[9] Article 1560. If the immovable sold should be encumbered with any non-apparent burden or servitude, not mentioned in the agreement, of such a nature that it must be presumed that the vendee would not have acquired it had he been aware thereof, he may ask for the rescission of the contract, unless he should prefer the appropriate indemnity. Neither right can be exercised if the non-apparent burden or servitude is recorded in the Registry of Property, unless there is an express warranty that the thing is free from all burdens and encumbrances.

Within one year, to be computed from the execution of the deed, the vendee may bring the action for rescission, or sue for damages.

One year having elapsed, he may only bring an action for damages within an equal period, to be counted from the date on which he discovered the burden or servitude. (1483a)

[10] Article 1629. In case the assignor in good faith should have made himself responsible for the solvency of the debtor, and the contracting parties should not have agreed upon the duration of the liability, it shall last for one year only, from the time of the assignment if the period had already expired.

If the credit should be payable within a term or period which has not yet expired, the liability shall cease one year after the maturity.

[11] Article 1682. The lease of a piece of rural land, when its duration has not been fixed, is understood to have been for all the time necessary for the gathering of the fruits which the whole estate leased may yield in one year, or which it may yield once, although two or more years have to elapse for the purpose.

[12] Article 1687. If the period for the lease has not been fixed, it is understood to be from year to year, if the rent agreed upon is annual; from month to month, if it is monthly; from week to week, if the rent is weekly; and from day to day, if the rent is to be paid daily. However, even though a monthly rent is paid, and no period for the lease has been set, the courts may fix a longer term for the lease after the lessee has occupied the premises for over one year. If the rent is weekly, the courts may likewise determine a longer period after the lessee has been in possession for over six months. In case of daily rent, the courts may also fix a longer period after the lessee has stayed in the place for over one month.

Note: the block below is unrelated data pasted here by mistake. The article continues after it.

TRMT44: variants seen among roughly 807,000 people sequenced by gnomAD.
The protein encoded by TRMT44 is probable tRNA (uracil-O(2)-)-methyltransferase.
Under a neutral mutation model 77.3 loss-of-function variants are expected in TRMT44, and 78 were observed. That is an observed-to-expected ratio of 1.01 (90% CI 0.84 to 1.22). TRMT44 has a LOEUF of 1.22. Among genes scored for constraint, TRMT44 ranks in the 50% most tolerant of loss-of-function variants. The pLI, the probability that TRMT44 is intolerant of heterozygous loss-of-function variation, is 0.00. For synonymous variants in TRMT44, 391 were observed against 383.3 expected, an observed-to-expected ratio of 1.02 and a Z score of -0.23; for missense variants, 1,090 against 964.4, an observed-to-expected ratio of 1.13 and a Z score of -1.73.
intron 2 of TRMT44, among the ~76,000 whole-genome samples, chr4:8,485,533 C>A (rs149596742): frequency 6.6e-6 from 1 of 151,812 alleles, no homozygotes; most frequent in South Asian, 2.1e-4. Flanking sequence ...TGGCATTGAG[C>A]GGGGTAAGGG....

[13] Article 1878. Special powers of attorney are necessary in the following cases:

(1) To make such payments as are not usually considered as acts of administration;

(2) To effect novations which put an end to obligations already in existence at the time the agency was constituted;

(3) To compromise, to submit questions to arbitration, to renounce the right to appeal from a judgment, to waive objections to the venue of an action or to abandon a prescription already acquired;

(4) To waive any obligation gratuitously;

(5) To enter into any contract by which the ownership of an immovable is transmitted or acquired either gratuitously or for a valuable consideration;

(6) To make gifts, except customary ones for charity or those made to employees in the business managed by the agent;

(7) To loan or borrow money, unless the latter act be urgent and indispensable for the preservation of the things which are under administration;

(8) To lease any real property to another person for more than one year;

(9) To bind the principal to render some service without compensation;

(10) To bind the principal in a contract of partnership;

(11) To obligate the principal as a guarantor or surety;
(12) To create or convey real rights over immovable property;

(13) To accept or repudiate an inheritance;

(14) To ratify or recognize obligations contracted before the agency;

(15) Any other act of strict dominion.

[14] Article 2241. With reference to specific movable property of the debtor, the following claims or liens shall be preferred:

(1) Duties, taxes and fees due thereon to the State or any subdivision thereof;

(2) Claims arising from misappropriation, breach of trust, or malfeasance by public officials committed in the performance of their duties, on the movables, money or securities obtained by them;